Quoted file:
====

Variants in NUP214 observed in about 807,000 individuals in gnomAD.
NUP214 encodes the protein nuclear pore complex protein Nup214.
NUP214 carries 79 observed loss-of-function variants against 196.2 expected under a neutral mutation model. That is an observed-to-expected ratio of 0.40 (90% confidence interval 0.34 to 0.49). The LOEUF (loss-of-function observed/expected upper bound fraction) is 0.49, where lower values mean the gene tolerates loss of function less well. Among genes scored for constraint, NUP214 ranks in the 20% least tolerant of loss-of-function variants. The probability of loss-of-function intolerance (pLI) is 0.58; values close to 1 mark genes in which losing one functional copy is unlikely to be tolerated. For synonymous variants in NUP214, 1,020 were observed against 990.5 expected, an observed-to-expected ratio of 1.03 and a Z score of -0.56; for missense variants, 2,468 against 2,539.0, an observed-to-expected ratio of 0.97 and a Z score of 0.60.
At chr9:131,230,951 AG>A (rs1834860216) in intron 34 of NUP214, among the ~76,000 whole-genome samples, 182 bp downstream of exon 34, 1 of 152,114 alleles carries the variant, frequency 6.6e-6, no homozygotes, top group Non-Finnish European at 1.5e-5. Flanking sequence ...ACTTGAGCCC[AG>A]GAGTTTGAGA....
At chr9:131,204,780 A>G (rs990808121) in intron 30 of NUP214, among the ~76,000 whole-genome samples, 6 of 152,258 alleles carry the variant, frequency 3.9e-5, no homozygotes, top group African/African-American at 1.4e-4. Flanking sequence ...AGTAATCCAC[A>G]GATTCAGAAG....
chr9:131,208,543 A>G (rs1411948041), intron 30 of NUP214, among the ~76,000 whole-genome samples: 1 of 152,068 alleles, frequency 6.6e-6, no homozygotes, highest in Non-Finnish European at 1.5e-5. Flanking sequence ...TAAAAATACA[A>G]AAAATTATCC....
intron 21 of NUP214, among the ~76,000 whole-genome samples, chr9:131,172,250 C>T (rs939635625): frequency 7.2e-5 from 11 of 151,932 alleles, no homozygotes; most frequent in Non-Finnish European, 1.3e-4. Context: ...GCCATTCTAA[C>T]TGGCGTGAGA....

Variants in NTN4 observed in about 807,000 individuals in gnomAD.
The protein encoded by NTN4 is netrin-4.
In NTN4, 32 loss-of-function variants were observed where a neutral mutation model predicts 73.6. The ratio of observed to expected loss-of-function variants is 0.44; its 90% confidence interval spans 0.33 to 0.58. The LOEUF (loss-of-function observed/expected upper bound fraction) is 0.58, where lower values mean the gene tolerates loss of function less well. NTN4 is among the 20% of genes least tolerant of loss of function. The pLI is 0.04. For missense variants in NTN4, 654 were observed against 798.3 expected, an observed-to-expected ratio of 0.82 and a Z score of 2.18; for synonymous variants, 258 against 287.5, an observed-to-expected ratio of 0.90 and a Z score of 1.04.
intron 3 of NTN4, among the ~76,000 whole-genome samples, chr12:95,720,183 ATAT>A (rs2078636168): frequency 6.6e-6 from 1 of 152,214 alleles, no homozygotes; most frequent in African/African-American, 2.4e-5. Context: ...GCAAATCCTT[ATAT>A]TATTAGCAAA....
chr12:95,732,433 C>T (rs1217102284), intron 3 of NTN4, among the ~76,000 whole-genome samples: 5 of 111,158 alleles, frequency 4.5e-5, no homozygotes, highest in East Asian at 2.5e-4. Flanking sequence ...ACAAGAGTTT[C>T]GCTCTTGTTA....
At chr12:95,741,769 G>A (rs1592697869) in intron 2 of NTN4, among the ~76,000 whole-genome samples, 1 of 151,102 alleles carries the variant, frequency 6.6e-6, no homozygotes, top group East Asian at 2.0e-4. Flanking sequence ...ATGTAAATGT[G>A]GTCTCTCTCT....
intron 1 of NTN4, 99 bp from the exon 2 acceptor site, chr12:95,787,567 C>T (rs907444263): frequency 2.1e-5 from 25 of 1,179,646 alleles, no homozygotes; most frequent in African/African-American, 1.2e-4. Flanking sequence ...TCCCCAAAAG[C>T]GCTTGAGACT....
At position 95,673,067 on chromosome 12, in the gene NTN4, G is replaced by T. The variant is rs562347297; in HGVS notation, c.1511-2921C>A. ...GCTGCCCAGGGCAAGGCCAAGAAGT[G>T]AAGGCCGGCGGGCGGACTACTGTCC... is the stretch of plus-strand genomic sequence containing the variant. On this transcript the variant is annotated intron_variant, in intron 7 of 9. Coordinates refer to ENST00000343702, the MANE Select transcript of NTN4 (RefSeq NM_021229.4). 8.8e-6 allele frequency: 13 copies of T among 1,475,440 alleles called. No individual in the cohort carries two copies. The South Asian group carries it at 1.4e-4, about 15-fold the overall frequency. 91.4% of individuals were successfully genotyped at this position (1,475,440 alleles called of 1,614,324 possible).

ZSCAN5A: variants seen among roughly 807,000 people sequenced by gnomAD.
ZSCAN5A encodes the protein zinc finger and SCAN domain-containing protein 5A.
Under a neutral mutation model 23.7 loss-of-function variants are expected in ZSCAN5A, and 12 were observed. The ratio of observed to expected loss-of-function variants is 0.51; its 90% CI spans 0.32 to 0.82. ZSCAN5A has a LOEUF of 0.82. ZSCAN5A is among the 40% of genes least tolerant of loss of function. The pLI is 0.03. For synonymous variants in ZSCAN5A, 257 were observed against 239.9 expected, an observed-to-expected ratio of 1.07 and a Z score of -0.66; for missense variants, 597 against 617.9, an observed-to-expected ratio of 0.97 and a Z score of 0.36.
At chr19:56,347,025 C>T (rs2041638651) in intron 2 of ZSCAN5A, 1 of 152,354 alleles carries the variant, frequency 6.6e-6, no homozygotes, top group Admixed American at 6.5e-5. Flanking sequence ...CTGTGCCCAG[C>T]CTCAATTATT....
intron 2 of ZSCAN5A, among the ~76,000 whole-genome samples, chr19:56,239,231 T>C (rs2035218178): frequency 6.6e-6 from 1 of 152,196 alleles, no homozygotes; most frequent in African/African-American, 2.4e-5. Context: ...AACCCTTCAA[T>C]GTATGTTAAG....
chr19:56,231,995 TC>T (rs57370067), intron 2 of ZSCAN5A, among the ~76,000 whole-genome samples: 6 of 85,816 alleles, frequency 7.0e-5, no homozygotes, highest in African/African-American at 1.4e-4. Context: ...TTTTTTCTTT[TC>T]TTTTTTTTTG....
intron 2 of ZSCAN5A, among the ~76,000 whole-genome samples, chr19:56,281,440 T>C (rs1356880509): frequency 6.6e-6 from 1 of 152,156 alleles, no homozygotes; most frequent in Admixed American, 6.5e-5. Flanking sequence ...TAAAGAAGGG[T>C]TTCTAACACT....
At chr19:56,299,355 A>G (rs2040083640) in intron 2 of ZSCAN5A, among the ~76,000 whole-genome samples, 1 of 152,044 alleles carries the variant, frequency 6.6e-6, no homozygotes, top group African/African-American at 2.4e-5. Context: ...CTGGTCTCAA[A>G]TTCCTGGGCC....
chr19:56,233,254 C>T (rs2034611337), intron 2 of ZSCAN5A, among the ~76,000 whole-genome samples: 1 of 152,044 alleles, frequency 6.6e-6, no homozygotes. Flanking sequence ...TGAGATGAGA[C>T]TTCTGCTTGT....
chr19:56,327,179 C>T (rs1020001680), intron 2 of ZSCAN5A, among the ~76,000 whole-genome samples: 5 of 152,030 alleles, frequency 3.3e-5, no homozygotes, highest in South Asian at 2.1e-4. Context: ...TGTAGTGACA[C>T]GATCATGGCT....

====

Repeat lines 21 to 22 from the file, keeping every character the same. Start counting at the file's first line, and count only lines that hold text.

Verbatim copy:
chr19:56,231,995 TC>T (rs57370067), intron 2 of ZSCAN5A, among the ~76,000 whole-genome samples: 6 of 85,816 alleles, frequency 7.0e-5, no homozygotes, highest in African/African-American at 1.4e-4. Context: ...TTTTTTCTTT[TC>T]TTTTTTTTTG....
intron 2 of ZSCAN5A, among the ~76,000 whole-genome samples, chr19:56,281,440 T>C (rs1356880509): frequency 6.6e-6 from 1 of 152,156 alleles, no homozygotes; most frequent in Admixed American, 6.5e-5. Flanking sequence ...TAAAGAAGGG[T>C]TTCTAACACT....